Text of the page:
We can’t go on pretending these other ethnic soldiers do not exist. Or that they would vanish once we disarmed those that are not nomadic. As we seek to extirpate mob rule and militias, we cannot maintain either willful ignorance of or deliberate impotence against the ubiquitous Fulani militia. The justification for this unlawful approach is deterrence. But the consequences have been massacres and antipathy against the nomadic Fulani across the country. 

In many parts of Delta, Oyo, Benue and Isikuwato in Abia, farmers cannot go to their farms. The apparent invincibility of the Fulani militia, bestowed on it by the government’s lack of interest in combing the forests, has emboldened criminal elements amongst the everyday herders to torment host communities with impunity.

A super infection is caused by the disturbance of the equilibrium that exists amongst microorganisms. A man has an infection. He employs a huge cudgel in a broad-spectrum antibiotic and wipes out many relatively benign microorganisms in an attempt to curb his infection.

In leaving out a particular microorganism while taking out others, the microorganism proliferates, unchecked by competition, to occupy the space left by the broad brush therapy. Once that strain reaches a critical population, it begins to cause its own kind of infection.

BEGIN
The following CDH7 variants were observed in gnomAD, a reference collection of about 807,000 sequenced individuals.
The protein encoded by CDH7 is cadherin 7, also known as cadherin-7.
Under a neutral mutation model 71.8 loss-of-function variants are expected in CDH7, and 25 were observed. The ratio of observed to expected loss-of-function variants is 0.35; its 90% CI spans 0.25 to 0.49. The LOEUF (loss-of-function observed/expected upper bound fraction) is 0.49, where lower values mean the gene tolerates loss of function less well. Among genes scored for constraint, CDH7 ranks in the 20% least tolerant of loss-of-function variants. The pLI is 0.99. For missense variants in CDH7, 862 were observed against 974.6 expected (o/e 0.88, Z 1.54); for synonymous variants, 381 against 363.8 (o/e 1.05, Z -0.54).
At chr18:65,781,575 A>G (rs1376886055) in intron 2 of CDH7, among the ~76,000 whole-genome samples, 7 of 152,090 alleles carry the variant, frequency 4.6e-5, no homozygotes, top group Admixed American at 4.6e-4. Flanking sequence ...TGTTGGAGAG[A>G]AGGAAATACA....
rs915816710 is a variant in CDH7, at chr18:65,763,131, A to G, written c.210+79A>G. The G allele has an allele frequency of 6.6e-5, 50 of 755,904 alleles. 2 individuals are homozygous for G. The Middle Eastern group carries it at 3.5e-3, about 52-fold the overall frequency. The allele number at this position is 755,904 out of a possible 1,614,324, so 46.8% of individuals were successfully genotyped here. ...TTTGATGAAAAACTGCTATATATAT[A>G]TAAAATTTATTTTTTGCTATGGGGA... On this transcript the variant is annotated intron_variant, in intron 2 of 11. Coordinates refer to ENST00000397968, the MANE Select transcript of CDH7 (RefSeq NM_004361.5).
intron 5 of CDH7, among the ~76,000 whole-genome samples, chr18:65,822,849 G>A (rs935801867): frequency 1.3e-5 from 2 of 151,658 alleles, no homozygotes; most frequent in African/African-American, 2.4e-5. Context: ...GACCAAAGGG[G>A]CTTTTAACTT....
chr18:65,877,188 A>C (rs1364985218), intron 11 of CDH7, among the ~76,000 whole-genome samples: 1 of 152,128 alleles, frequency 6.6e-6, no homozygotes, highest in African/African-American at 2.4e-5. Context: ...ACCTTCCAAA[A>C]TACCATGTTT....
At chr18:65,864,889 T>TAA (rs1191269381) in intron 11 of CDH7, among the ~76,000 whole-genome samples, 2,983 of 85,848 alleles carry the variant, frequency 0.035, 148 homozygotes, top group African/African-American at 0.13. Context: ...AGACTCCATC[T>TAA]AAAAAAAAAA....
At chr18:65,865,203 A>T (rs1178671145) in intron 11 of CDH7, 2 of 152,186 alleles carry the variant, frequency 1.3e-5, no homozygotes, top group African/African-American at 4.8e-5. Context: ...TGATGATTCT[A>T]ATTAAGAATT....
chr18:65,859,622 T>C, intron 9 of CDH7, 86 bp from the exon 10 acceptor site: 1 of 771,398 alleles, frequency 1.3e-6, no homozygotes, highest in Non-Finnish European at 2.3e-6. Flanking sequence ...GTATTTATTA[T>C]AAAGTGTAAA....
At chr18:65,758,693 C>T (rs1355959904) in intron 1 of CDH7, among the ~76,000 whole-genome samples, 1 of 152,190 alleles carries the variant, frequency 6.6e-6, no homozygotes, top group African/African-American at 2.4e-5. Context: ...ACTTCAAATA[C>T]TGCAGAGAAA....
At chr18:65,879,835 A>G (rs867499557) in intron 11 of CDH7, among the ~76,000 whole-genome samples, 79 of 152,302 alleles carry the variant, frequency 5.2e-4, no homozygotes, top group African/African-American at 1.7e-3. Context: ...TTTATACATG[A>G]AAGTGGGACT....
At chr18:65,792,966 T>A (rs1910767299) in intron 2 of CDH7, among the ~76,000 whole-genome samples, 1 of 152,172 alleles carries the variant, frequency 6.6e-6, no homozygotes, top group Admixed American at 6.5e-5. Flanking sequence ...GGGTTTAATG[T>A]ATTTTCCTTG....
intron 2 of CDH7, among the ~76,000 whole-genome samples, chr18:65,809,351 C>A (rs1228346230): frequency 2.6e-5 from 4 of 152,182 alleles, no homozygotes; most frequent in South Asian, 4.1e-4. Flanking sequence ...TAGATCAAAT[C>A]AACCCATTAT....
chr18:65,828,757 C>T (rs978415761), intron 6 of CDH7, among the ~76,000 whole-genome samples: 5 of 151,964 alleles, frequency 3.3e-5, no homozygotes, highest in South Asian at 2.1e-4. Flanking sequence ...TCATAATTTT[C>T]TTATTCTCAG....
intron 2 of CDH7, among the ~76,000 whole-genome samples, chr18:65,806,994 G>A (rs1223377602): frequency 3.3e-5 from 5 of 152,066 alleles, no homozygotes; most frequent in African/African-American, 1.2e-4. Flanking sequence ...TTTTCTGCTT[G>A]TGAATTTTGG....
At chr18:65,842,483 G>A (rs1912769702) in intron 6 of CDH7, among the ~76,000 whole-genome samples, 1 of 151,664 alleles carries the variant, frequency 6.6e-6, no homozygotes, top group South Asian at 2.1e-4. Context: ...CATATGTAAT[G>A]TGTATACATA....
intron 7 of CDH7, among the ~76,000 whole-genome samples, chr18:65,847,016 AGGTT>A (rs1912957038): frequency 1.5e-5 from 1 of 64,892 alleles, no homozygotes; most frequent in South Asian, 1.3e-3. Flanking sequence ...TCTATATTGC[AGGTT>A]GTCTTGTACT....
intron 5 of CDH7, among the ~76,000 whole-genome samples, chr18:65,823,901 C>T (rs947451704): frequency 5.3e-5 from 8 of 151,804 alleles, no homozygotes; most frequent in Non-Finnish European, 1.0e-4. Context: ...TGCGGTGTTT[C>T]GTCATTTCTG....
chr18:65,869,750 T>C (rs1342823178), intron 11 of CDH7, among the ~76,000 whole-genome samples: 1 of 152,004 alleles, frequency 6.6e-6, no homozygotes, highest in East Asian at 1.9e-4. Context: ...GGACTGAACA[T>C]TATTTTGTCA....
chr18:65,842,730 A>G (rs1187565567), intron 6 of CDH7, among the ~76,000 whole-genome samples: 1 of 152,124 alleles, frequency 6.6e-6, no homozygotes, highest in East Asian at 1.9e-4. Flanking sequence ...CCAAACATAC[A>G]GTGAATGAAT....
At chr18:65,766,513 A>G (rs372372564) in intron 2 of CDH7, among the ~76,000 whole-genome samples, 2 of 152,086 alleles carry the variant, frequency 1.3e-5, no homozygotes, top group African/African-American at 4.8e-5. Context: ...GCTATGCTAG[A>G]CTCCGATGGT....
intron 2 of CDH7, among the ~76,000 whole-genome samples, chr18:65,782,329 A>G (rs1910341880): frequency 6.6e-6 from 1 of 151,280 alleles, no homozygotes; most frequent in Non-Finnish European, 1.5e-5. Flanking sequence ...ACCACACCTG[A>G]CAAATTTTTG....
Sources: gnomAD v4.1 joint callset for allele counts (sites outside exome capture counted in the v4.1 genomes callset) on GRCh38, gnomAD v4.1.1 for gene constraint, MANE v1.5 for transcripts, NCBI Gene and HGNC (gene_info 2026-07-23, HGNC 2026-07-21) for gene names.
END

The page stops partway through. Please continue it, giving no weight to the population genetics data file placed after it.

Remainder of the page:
In treating one infection, an organism that would have been kept in check by other organisms is allowed to proliferate and institute perhaps a worse infection. If we can’t disarm all competing militias, it would be dangerous and counter-productive to disarm some and leave some.

The Fulani militia must be caged. 

I have made no attempt to suggest that all the evils in the forests are perpetrated by the Fulani. It would be incorrect to blame the criminality of every bunch of bandits on an ethnic group.

But when a group establishes a self-help unit to perform the duties of the police and military on its behalf, then that group can be identified by its dominant trait and must take responsibility for the outcomes of that intervention. When such a unit takes recourse to guns and blood baths to mediate conflicts, then that group must recreate that culture or assume full ownership of such barbarism.

The government has a sacred duty to perform in inter-ethnic conflicts that occasion sporadic massacres. It must come with good faith, and it must be seen to be neutral, fair, and impartial.

It must seek to retain the confidence of all sides. It must give objective reasons for its actions. It must be transparent. It cannot side with parochialism. It cannot embolden one side by inaction or taciturnity. It must call every spade a spade.

It must speak to all sides audibly in the language all can understand. But when the government pampers a sacred cow called Gumi, who routinely justifies and promotes Fulani banditry while demonizing gallant Christian soldiers, the government reeks of prejudice.

If the Fulani militia is not dismantled and the reprisals against host communities around the country persist, the government’s efforts to eradicate gangsterism would collapse disastrously. 

If the government doesn’t visit fire and brimstone on killer herders preventing thousands of farmers around the country from farming in peace, militias with horns will resurrect, and the country’s unity could tumble down a slope. 

All militias and bandits must be intercepted and dismantled at the same time.   

Vanguard News Nigeria